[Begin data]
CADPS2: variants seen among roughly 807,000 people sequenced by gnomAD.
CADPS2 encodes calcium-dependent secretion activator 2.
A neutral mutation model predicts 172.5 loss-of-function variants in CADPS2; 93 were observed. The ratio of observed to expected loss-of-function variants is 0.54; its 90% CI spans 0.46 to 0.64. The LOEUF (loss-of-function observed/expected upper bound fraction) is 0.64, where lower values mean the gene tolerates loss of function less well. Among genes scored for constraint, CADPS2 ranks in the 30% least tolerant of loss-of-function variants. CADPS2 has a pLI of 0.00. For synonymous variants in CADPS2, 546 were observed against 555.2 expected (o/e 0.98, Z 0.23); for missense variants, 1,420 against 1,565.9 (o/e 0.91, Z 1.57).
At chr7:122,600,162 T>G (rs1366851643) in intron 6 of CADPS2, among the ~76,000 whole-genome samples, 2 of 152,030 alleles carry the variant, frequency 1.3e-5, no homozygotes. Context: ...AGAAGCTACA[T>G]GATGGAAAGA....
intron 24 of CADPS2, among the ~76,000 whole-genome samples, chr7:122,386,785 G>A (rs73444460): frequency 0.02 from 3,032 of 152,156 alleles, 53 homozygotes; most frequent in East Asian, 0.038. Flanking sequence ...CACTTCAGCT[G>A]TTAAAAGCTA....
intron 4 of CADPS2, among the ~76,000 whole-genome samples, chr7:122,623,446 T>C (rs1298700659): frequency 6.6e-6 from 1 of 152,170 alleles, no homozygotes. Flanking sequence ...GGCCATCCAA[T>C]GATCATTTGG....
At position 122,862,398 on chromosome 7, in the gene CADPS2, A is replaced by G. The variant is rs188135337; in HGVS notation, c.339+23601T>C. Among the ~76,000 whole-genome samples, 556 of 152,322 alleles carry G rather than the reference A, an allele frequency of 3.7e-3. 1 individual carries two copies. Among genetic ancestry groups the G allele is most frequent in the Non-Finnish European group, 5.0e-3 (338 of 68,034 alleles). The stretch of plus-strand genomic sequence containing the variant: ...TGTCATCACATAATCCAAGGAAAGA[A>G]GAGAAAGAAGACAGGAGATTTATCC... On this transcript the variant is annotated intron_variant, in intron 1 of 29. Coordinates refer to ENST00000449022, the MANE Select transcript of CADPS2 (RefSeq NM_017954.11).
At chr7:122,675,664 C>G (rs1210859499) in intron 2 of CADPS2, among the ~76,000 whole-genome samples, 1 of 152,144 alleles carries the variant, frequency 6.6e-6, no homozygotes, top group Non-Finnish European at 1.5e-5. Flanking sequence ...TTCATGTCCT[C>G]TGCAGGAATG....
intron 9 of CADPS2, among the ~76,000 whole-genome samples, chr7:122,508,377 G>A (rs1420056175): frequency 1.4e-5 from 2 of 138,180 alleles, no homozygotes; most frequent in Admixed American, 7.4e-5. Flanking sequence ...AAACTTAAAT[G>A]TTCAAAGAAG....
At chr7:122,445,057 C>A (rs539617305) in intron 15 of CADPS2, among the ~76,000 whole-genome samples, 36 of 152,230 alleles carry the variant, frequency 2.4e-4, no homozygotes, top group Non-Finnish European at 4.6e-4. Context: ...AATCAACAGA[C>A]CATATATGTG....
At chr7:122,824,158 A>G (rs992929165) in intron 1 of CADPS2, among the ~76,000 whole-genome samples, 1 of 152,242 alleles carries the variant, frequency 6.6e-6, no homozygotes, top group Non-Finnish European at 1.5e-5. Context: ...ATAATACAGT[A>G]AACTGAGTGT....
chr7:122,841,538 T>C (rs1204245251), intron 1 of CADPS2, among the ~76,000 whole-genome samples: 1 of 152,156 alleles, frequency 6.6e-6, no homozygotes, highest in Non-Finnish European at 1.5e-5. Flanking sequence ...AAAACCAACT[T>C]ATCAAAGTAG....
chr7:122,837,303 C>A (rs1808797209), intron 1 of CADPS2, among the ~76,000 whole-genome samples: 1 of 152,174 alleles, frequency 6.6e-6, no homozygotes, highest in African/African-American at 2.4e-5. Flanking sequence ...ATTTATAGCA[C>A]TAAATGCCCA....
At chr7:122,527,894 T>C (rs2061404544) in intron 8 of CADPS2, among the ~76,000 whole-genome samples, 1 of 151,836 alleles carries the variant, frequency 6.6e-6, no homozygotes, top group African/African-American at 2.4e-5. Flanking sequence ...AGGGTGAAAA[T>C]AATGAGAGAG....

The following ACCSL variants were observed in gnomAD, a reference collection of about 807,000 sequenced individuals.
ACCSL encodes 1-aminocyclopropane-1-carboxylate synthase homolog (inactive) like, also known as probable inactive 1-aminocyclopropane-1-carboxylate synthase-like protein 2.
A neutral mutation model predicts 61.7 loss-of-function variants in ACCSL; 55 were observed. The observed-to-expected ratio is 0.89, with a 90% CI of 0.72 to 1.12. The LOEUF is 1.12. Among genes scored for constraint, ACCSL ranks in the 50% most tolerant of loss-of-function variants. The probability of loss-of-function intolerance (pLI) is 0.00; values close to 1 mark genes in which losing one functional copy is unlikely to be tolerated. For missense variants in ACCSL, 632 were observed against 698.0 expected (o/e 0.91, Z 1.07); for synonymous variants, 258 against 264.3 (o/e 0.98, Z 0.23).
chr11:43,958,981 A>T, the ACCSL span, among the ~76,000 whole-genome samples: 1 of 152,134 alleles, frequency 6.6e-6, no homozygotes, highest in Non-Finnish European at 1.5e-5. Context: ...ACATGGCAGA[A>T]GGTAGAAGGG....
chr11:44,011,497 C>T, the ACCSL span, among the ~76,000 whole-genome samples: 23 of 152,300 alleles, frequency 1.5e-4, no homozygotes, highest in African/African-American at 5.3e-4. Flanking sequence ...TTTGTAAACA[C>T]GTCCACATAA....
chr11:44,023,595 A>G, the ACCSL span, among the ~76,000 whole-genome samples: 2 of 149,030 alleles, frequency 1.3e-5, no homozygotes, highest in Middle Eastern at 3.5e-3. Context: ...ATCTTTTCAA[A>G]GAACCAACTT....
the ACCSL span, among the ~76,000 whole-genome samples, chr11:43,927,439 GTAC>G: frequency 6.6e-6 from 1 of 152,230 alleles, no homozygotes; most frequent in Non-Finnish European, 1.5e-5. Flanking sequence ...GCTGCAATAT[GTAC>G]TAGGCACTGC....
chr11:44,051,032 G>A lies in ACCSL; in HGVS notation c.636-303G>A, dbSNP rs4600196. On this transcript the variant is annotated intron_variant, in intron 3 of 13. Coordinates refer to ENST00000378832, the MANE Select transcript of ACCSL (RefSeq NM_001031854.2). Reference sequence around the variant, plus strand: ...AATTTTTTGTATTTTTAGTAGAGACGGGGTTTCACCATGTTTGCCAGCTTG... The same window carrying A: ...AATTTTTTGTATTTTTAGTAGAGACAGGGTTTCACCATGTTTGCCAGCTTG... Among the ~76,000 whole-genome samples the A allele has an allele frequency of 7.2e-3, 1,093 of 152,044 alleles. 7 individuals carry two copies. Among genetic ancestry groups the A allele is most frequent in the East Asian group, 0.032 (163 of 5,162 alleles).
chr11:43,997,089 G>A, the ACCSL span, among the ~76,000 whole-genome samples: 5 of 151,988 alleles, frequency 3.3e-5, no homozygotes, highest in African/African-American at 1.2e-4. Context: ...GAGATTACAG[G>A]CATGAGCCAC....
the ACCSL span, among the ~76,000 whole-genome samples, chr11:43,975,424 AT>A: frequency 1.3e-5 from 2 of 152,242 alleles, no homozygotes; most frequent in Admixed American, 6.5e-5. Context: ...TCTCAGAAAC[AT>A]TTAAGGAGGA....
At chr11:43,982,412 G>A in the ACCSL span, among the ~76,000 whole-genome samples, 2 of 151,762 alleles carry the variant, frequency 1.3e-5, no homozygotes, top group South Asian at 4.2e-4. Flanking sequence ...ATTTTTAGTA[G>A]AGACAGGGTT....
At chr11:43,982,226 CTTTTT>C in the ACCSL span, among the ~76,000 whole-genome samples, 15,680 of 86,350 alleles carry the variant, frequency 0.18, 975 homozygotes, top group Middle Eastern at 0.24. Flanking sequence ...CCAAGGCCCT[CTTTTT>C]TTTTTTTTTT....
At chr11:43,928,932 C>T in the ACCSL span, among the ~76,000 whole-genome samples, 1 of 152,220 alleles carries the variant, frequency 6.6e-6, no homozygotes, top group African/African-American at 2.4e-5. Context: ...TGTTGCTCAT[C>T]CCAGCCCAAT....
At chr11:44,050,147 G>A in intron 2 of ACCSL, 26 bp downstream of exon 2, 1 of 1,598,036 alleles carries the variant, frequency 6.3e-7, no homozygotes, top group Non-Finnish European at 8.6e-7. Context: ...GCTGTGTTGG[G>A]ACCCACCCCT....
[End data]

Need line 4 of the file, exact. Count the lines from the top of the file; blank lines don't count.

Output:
At chr7:122,600,162 T>G (rs1366851643) in intron 6 of CADPS2, among the ~76,000 whole-genome samples, 2 of 152,030 alleles carry the variant, frequency 1.3e-5, no homozygotes. Context: ...AGAAGCTACA[T>G]GATGGAAAGA....